Though the year in sports produced its fair share of memories, no sporting memory will obscure the hard reality of economic gloom coursing through the world in a tense 2008. We’ll remember the Beijing Olympics and the New York Giants knocking the New England Patriots off their perfect pedestal in the Super Bowl, but only as long as we don’t remember going broke.
Sports fandom is supposed to help us forget our troubles for short periods of time. Ideally, it might produce reasons for cheer.
Fandom in Cincinnati offers little relief, however, especially regarding the pro teams. Instead of making us forget our own troubles, the Reds and Bengals force us to confront their troubles, which they’ve addressed to little effect.
The Reds and Bengals in 2008 are a study of contrasts adding up to no real difference. Making no serious attempt to change, the Bengals wrapped up a dismal 4-11-1 season last weekend. The Bengals now have had one winning season in the last 18 years.
The Reds went the other direction, entirely gutting their front office and the middle of their lineup, but the results closely matched. They finished much closer to last place than to fourth, extending their streak to eight losing seasons in a row.
There are better teams in Cincinnati, like Xavier men’s basketball and UC football, but no team illustrated the qualities of despair and cost-cutting quite like the Reds, who now are said to be sitting on $10 million for new players with nowhere to spend it. There remains little sense, if any, that the Reds are building a winner since owner Bob Castellini dumped General Manager Wayne Krivsky in April in order to install Walt Jocketty, who’s working without the money that helped him succeed in St. Louis.
Jocketty’s big moves so far have consisted in trading off Junior Griffey and Adam Dunn, whom the Reds weren’t going to sign anyway. Now the Reds are down to three players — Jay Bruce, Joey Votto and Brandon Phillips — who could play regularly for an average big league club.
What can Jocketty do? The Reds apparently aren’t taking chances, but should they? Well, they kind of have to.
Every longterm contract is a risk. Bad contracts are part of the game.
The Reds aren’t in position to take big risks like the New York Yankees, who set the free agent market this winter by signing C.C. Sabathia for seven years at $161 million. But maybe the Reds could take a smaller risk. If they have $10 million for a right-handed bat with power in the outfield, how far can they be from Milton Bradley?
Last year, Bradley made $5.2 million, his highest salary in an eight-year career, leading the American League in OPS for the Texas Rangers. He’ll have to outlive a reputation for hot temper and a history of injuries, but he’s a punisher when he plays, he’s a switch hitter and he’s usually an adequate outfielder. The Chicago Cubs and Tampa Bay Rays are reported to be interested.
At least the Reds are making provisions for defense, led by young pitching. If Edinson Volquez and Johnny Cueto keep it up while Aaron Harang and Bronson Arroyo pitch at high levels, the Reds will have a chance every night even if they don’t hit. But they really need to hit, which is why Bradley is worth a try.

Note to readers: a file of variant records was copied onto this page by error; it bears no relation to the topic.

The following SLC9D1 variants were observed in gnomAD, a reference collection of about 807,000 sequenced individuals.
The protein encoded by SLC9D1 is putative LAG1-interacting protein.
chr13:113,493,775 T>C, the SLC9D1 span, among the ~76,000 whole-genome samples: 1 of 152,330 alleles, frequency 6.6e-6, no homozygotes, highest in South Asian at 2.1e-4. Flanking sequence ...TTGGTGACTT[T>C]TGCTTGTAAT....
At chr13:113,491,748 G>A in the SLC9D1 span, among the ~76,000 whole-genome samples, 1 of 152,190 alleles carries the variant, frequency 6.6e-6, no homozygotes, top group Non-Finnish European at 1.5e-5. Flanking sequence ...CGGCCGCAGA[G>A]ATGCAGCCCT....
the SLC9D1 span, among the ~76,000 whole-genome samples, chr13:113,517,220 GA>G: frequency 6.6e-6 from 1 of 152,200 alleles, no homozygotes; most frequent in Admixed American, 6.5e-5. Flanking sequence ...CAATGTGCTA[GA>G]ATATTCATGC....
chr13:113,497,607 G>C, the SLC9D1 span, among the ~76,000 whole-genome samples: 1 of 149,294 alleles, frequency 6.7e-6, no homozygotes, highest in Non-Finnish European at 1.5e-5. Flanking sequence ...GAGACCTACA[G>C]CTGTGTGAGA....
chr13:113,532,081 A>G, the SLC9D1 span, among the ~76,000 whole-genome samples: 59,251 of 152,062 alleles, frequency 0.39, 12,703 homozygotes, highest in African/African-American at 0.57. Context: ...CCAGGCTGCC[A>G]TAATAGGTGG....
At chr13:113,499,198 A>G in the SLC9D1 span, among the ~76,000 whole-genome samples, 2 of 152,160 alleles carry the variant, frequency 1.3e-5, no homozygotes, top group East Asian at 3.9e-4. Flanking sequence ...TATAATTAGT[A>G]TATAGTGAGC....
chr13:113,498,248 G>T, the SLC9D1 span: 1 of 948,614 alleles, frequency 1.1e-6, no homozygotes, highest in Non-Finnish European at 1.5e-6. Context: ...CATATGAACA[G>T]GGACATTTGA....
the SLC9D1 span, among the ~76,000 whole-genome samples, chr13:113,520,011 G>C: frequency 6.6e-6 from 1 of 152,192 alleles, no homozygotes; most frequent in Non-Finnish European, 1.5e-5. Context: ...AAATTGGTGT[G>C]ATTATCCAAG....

While the Reds focus on keeping the opposition from scoring, it remains odd that the Bengals haven’t, especially considering that Marvin Lewis once put together a defense in Baltimore rated among the best to ever play the game. Once again, the Bengals are easy to run against, exactly the trait they share with every other bad team in the NFL.
But it really didn’t matter this year. The Bengals have cleverly managed away their running game, which now is the least productive in the NFL. Then Carson Palmer got hurt, so the Bengals weren’t going to throw the ball well.
In its odd way, the fact that the Bengals have a few wins and a tie in the tail-end of their season shows they know something about winning, if only because no other explanation works.
Should the Bengals turn over their front office, bring in some new blood and try another way? It’s ridiculous to even pose that question, because it’s not going to happen.
It’s not going to matter who the coach is because they’re not going to hire a general manager, and even hiring a general manager guarantees nothing. So if you’re still sitting here waiting for the Bengals to get it right in 10 years, don’t be surprised. It’s been about twice that long already.
Thankfully, college basketball is making something of a comeback this year. Xavier went to the Elite Eight at the end of last season and returned to a high ranking at the end of 2008. UC is progressing, though one can’t imagine the Bearcats winning the Big East any time soon.
But the UC football team won the Big East just now. If we gave out trophies here for “Team of the Year,” UC football would win this year and last. Gloriously, the Bearcats get to kick off 2009 on New Year’s Day at the Orange Bowl against Virginia Tech.
UC football now is 21-5 under Brian Kelly, with seasons of 10- 3 and 11-2. No one has lured him away at this point, which is a good indication he’ll be back for 2009.
Thus 2009 already is marked as a different year. As the new year approaches, we can view UC football, the program that’s never been there, as the program mostly likely to succeed, along with Xavier basketball, the program that’s always been there. Meanwhile, Reds and Bengals fans have little to get excited about.
CONTACT BILL PETERSON: firstname.lastname@example.org